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Primitivo Suarez-Wolfe is a talented artist. Maybe too talented: Anyone carelessly plopping down upon what appears to be a soft, inviting recliner on a sidewalk at Church and Duboce will receive an impromptu lesson on where his coccyx is.
The nine such bronze chairs sitting near the Muni stops since December compose Suarez-Wolfe's installation Domestic Seating. And while the plaque accompanying the public artwork describes it as being "inspired by the discarded furniture commonly seen on city sidewalks," this is selling the artist short. His several-hundred pound creations are, down to the unsightly indentations and overall Salvation Army décor, visually indistinguishable from the street furniture you may have put on skateboards and rolled to your college apartment.
There are two major distinctions, however: Derelict furniture is easily relocated and free, while Domestic Seating is bolted into the pavement and cost a great deal of city money. Suarez-Wolfe bristled at earlier media reports pegging the per-chair cost at a healthy $9,100. He has reason to: This calculation neglects to factor in that the artist didn't touch his contingency fund, coming in nearly $11,000 under budget. Once you do that math, the price tag shakes out to a svelter $7,992 per seat.
Alas, that sum is about to grow. Come June 11, workers will yank two of the chairs out of the sidewalk and transport them several yards to the other side of the street — at a cost of an additional $6,993 (which hikes the cost per chair to $8,769).
When you think about it, the notion of responding to aggrieved public transit-users' desires for seating by commissioning a handful of costly works of art designed to replicate discarded, free furniture neatly captures the essence of this city. As does the ensuing Byzantine, seven-month, multi-agency effort to uproot a pair of those chairs and deposit them a hop, skip, and a jump away.
"Why did the $8,769 bronze chair cross the road?" isn't a joke. But it is a case study in San Francisco government.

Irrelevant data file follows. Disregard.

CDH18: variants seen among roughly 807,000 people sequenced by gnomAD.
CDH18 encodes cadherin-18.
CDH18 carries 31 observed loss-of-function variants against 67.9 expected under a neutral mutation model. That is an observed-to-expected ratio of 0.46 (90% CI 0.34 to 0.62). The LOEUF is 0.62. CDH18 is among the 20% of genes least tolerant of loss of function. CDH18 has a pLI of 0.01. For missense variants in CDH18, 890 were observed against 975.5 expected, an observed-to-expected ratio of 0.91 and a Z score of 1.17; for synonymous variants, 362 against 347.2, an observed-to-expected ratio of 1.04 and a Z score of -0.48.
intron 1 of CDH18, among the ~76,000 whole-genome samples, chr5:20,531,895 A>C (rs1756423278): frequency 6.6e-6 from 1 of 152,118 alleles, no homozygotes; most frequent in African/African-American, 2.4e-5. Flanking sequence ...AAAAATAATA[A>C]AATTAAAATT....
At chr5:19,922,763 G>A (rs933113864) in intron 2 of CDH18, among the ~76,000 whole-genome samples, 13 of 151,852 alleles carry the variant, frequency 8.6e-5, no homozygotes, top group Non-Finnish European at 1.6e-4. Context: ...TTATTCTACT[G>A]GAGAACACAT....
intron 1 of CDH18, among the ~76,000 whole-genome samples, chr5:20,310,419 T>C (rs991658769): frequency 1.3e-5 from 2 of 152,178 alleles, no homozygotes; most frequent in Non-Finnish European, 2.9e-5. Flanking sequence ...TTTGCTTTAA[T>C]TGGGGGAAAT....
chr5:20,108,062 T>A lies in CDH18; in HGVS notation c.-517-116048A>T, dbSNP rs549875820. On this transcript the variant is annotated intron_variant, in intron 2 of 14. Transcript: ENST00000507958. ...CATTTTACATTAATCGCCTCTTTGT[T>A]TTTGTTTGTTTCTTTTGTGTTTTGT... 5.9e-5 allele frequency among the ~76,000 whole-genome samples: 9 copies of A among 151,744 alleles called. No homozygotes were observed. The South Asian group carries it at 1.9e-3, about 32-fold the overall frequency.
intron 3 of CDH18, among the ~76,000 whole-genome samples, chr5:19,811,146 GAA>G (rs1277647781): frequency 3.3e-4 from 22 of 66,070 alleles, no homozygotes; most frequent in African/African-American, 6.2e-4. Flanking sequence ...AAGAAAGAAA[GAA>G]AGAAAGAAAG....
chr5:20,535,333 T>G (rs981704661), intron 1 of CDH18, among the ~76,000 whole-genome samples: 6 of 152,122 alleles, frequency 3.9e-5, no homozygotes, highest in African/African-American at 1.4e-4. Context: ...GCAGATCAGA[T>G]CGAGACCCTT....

Speaking to the scads of city officials required to formulate and execute operations such as moving these chairs is a bit like perusing a wedding registry. Following the initial shock, it gradually seems perfectly logical that someone would require $75 worth of hand towels. And, when myriad city employees outline the myriad steps required to do — and undo — anything here, geological amounts of time and astronomical sums of money begin to feel perfectly logical as well. Always the wonder is that things don't cost more and take longer.
It didn't take long, however, for a troubling complaint to be registered with the city regarding the chairs. Back in December, disability advocate Bob Planthold warned the Mayor's Office on Disability that the two seats on Church next to the Safeway crowded an already crammed Muni boarding zone and presented an obstacle for those with poor vision and no reason to anticipate 400 pounds worth of bronze faux derelict furniture between them and the 22-Fillmore or J-Church.
Planthold's lament was disseminated by the Mayor's Office on Disability — which did not have any input into the placing and design of these chairs. A platoon of officials from the Department of Public Works, Arts Commission, and Municipal Transportation Agency was, two weeks later, on site. And Kevin Jensen, Public Works' expert on Americans with Disabilities Act compliance, nearly ended up a bit shorter that day.
"The bus mirrors, as they pass by, come out awfully close to a tall pedestrian standing by the curb (one came real close to missing Kevin's head while we were standing onsite)," noted an e-mail from Nick Elsner, a senior plan-checker with Public Works. In his communique, Elsner claimed the chairs complied with both the ADA and the Better Streets Plan — yet "we all agreed" that their current site, while meeting "minimal code compliance," was not satisfactory. (Your humble narrator asked Arts Commission spokeswoman Kate Patterson if the chairs were ADA compliant. She explained they were "not not ADA compliant" — which doesn't appear to not be the case.).
If pushing the chairs forward was an invitation to become a hood ornament, why not push them back along Safeway's wall? Well, that land is owned by Safeway. City officials' efforts to convince a private business to house large objects that were deemed possible lawsuit magnets went so well that Planthold was tapped to have a go at it. He did not fare better — the Safeway people apparently take the name of their store seriously. "Potential liability is one of the many reasons why I am not in support of having them move closer to our building," wrote Kimberley Beal, the grocery store's property manager. "Instead of moving the chairs closer to the curb, it seems like the easiest solution would be to have the chairs removed."
That depends on your definition of the word "easy."
On June 13, Domestic Seating will be named to the Americans' for the Arts list of top 50 public installations in the country. Two days earlier, the offending chairs will be relocated. All it took was work by dozens of employees across at least four departments, permitting issues, and Charter-mandated approval of resolutions generated by Arts Commission staff by both the Arts Commission and its Visual Arts Committee. Everyone involved in this process assures us that due diligence was undertaken and everything was done by the book. And here's the thing: That's undoubtedly true. This is how things are supposed to work.